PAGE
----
The Bank of Japan is expected to leave its unorthodox ultra-easy monetary policy unchanged and repeat its current assessment of the economy at its two-day policy meeting from Monday, sources close to the matter said.
The BOJ Policy Board is expected to focus on the impact of the recent plunge in oil prices and annual spring wage talks on its efforts to stoke 2 percent inflation.
BOJ Deputy Gov. Hiroshi Nakaso said Monday the central bank is not ready to take additional monetary easing because crude oil prices are likely to rebound moderately and the year-on-year inflation rate is “expected to reach around 2 percent in and around fiscal 2015,” the timing set by the BOJ.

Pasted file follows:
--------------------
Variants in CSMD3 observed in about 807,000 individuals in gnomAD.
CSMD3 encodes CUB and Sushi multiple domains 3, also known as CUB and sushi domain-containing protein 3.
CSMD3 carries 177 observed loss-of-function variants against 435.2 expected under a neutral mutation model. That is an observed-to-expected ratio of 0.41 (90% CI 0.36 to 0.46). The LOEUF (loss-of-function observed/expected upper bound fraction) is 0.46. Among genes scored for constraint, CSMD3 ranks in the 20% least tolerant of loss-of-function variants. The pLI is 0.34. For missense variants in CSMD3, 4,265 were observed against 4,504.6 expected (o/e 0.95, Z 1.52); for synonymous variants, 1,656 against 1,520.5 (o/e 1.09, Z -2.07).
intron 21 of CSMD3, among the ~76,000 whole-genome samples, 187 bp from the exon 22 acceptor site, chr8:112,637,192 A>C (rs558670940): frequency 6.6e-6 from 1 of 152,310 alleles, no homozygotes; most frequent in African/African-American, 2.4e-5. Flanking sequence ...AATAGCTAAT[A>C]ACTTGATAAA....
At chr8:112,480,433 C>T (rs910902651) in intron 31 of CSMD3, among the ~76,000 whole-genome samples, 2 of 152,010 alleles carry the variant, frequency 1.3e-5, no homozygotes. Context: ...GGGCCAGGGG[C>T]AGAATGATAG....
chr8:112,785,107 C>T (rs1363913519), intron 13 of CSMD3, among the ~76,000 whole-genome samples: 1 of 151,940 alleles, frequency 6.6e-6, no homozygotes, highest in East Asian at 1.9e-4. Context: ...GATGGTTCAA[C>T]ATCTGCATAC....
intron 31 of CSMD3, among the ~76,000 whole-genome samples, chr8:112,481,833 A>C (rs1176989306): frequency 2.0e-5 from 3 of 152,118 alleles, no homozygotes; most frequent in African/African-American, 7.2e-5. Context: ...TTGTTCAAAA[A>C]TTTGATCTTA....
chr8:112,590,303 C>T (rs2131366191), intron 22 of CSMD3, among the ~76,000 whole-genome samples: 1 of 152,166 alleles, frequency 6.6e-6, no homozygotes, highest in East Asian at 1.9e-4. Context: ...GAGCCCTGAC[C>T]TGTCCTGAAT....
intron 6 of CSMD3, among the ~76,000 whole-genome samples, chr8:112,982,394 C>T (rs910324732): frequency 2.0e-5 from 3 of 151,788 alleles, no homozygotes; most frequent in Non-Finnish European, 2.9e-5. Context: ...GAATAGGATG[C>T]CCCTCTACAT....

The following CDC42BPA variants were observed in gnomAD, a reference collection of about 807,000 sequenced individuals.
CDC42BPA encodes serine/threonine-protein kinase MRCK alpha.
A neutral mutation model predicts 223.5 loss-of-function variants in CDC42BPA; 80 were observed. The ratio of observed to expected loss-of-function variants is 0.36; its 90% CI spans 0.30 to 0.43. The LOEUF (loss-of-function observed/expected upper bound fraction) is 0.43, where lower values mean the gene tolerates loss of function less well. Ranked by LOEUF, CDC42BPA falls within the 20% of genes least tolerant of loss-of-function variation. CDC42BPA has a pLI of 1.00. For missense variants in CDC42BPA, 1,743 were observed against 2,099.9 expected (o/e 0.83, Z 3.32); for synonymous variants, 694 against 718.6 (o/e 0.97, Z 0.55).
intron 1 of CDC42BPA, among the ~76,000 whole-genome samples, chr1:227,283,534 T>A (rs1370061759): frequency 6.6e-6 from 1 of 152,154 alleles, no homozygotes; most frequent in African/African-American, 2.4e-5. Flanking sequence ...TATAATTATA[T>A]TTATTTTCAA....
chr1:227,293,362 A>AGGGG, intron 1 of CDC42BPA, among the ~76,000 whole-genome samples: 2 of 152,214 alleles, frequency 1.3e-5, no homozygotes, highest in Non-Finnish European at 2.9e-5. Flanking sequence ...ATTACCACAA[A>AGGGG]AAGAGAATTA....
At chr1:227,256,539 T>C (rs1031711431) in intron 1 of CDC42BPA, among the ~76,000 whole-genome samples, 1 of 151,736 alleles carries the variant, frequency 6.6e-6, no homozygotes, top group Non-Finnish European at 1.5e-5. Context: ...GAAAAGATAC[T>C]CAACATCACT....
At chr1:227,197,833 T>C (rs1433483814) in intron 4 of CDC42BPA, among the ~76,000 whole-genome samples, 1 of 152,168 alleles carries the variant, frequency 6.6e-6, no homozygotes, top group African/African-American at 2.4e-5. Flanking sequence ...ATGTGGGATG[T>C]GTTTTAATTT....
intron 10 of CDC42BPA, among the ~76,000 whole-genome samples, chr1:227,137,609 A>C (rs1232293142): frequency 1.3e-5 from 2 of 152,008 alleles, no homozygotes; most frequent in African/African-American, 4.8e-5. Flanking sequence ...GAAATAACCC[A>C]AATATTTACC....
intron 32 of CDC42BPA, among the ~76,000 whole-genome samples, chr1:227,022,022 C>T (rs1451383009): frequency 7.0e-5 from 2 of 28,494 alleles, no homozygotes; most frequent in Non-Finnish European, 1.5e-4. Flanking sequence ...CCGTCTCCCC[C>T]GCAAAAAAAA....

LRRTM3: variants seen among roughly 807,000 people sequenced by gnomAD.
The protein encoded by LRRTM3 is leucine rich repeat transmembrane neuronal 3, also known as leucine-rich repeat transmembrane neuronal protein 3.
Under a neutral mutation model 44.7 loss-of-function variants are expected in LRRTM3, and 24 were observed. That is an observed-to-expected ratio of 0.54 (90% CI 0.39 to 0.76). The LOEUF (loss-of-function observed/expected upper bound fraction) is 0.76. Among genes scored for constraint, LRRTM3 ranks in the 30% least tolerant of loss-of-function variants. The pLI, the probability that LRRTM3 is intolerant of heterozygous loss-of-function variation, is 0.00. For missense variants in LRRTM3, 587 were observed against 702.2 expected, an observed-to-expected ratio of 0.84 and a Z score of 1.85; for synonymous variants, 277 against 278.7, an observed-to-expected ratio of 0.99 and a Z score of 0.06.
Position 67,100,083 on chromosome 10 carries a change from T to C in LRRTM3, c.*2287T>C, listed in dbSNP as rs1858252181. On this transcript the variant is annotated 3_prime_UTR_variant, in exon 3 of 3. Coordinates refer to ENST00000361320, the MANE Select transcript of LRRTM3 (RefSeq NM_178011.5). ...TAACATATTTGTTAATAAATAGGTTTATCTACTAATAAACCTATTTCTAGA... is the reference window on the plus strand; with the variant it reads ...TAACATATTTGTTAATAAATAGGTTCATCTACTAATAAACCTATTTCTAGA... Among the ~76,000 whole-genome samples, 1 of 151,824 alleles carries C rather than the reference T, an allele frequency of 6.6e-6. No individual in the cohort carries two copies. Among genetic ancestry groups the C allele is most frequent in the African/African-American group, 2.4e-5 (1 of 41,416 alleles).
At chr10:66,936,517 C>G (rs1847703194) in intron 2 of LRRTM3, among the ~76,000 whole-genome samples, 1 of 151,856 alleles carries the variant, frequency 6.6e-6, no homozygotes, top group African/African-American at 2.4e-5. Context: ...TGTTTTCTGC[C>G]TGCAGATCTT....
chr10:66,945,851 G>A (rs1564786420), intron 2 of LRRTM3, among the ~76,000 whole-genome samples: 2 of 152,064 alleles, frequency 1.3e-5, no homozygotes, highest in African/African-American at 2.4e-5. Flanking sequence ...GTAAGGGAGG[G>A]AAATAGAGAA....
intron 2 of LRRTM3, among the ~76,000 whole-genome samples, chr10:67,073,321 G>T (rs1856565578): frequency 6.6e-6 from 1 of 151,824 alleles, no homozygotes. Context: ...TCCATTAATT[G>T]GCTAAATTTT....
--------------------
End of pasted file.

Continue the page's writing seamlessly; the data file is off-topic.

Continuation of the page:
For prices to rise in a country long mired in deflation, the BOJ believes consumer spending needs to pick up while supported by wage hikes and better employment conditions.
Prime Minister Shinzo Abe has been calling on Japanese companies to hike wages, but the response has been lukewarm.
The BOJ said after its previous meeting in February that the economy is recovering moderately.
The Policy Board is watching to see whether small and midsize companies will be able to raise wages, and how much companies will pass on their rising import costs, largely caused by the BOJ’s weakening of the yen, to their wholesale prices, according to the sources.